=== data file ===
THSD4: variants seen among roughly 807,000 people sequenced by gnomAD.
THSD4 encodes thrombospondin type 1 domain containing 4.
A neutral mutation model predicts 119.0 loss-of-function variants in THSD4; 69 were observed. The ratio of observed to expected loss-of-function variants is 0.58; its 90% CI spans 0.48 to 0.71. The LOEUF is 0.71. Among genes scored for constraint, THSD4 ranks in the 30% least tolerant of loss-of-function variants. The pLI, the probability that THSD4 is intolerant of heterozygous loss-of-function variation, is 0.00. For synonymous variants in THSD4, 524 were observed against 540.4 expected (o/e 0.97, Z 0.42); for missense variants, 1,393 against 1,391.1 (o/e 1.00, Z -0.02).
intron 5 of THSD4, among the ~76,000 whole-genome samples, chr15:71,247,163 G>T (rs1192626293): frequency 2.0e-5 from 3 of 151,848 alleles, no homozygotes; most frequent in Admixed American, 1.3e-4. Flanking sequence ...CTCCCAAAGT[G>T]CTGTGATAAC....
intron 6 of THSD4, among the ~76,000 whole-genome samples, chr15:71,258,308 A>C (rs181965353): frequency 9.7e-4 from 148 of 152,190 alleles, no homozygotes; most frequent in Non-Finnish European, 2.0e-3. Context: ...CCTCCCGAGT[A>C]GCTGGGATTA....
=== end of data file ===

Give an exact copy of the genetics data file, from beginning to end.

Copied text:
THSD4: variants seen among roughly 807,000 people sequenced by gnomAD.
THSD4 encodes thrombospondin type 1 domain containing 4.
A neutral mutation model predicts 119.0 loss-of-function variants in THSD4; 69 were observed. The ratio of observed to expected loss-of-function variants is 0.58; its 90% CI spans 0.48 to 0.71. The LOEUF is 0.71. Among genes scored for constraint, THSD4 ranks in the 30% least tolerant of loss-of-function variants. The pLI, the probability that THSD4 is intolerant of heterozygous loss-of-function variation, is 0.00. For synonymous variants in THSD4, 524 were observed against 540.4 expected (o/e 0.97, Z 0.42); for missense variants, 1,393 against 1,391.1 (o/e 1.00, Z -0.02).
intron 5 of THSD4, among the ~76,000 whole-genome samples, chr15:71,247,163 G>T (rs1192626293): frequency 2.0e-5 from 3 of 151,848 alleles, no homozygotes; most frequent in Admixed American, 1.3e-4. Flanking sequence ...CTCCCAAAGT[G>T]CTGTGATAAC....
intron 6 of THSD4, among the ~76,000 whole-genome samples, chr15:71,258,308 A>C (rs181965353): frequency 9.7e-4 from 148 of 152,190 alleles, no homozygotes; most frequent in Non-Finnish European, 2.0e-3. Context: ...CCTCCCGAGT[A>C]GCTGGGATTA....